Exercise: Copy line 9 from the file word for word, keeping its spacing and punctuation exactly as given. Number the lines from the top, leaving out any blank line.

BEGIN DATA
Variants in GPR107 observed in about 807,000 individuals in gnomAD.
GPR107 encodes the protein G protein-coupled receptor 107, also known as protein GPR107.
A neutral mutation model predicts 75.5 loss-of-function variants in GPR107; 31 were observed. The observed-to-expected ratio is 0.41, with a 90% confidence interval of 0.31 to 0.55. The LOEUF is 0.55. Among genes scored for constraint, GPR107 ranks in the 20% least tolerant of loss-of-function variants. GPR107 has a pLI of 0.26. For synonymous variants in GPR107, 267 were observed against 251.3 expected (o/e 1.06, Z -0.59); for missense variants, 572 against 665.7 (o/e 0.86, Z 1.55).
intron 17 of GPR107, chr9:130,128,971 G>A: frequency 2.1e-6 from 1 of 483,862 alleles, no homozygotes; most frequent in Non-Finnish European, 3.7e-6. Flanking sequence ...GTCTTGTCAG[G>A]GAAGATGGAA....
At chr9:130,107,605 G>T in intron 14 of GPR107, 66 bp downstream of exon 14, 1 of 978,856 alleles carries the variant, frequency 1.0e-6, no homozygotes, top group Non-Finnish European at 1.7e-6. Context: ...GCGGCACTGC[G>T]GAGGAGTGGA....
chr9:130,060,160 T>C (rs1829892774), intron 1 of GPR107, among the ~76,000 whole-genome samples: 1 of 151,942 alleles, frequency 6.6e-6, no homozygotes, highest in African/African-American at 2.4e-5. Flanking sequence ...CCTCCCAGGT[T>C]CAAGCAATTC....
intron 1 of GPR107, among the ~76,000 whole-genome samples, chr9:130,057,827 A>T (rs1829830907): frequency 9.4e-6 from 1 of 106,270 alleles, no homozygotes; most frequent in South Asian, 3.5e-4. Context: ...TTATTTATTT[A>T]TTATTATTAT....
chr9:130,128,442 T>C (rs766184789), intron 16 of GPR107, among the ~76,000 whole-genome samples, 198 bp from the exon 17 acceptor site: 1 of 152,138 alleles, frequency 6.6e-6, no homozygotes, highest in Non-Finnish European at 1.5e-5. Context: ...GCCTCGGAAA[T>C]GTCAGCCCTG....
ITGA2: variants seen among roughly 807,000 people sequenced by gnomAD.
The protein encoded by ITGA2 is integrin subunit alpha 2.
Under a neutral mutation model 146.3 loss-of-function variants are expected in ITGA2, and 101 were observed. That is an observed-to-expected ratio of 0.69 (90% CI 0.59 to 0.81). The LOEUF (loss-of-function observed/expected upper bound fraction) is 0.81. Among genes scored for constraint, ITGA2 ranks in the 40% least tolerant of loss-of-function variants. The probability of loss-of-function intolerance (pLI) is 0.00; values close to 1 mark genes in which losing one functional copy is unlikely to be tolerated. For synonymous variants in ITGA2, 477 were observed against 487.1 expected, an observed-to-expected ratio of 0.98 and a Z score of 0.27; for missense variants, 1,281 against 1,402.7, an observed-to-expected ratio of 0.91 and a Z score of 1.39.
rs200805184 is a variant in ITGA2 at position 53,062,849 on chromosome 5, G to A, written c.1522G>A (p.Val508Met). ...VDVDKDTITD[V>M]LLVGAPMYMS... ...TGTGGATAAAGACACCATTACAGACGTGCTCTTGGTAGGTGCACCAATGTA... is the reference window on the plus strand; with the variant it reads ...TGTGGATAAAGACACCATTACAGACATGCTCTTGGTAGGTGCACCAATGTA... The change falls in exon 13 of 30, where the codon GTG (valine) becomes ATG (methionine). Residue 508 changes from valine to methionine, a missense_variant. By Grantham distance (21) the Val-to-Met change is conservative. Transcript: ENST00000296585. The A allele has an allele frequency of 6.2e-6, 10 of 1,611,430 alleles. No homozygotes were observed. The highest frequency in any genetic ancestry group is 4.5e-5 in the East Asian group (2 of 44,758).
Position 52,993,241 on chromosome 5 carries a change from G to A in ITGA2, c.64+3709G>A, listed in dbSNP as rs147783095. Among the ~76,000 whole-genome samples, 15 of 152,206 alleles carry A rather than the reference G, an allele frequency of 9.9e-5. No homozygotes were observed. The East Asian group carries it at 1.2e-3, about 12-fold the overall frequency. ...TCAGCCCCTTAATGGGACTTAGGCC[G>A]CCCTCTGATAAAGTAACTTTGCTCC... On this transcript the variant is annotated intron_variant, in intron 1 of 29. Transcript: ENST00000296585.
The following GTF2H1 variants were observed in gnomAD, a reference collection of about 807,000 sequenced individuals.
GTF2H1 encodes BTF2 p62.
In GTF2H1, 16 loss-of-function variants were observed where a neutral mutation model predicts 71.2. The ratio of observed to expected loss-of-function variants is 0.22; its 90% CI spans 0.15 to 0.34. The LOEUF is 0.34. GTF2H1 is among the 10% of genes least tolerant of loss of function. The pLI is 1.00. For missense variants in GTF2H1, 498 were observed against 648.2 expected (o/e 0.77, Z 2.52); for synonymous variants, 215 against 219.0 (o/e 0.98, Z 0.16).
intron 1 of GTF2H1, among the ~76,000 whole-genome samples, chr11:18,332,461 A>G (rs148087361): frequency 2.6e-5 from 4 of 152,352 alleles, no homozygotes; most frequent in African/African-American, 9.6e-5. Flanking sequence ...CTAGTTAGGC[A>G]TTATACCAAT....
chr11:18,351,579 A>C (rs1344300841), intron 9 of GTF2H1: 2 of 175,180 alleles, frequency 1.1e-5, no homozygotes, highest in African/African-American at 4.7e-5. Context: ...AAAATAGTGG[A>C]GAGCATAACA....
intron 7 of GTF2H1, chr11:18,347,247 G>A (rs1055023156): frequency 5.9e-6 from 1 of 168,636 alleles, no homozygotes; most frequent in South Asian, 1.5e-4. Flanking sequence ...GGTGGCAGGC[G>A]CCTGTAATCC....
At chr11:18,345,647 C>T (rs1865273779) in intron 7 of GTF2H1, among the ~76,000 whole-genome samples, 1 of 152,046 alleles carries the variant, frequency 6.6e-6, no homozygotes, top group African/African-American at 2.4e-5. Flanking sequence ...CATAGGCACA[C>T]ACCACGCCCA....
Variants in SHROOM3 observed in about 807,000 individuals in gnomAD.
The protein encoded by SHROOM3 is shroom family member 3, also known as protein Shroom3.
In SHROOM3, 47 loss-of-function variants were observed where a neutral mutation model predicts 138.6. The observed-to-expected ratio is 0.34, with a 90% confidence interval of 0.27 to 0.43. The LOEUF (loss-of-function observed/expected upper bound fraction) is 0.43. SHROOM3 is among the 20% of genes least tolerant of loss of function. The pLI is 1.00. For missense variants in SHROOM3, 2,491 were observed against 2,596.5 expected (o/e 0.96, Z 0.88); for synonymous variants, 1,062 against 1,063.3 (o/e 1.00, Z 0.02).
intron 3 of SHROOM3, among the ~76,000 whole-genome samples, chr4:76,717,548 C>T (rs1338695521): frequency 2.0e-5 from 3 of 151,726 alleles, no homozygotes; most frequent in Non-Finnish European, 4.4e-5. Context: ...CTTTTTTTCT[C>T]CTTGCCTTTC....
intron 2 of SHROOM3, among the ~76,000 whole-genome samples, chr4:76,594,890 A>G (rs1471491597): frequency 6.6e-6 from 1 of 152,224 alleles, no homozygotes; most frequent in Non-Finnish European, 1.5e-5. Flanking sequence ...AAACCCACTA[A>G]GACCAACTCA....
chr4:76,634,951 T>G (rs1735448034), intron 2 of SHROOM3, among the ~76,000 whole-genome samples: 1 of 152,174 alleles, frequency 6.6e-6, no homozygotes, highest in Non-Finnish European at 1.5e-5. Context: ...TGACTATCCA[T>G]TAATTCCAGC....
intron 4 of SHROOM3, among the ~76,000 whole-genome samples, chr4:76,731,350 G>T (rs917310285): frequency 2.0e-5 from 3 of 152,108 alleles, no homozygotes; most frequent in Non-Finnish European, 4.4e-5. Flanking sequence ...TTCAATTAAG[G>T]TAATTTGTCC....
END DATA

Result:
ITGA2: variants seen among roughly 807,000 people sequenced by gnomAD.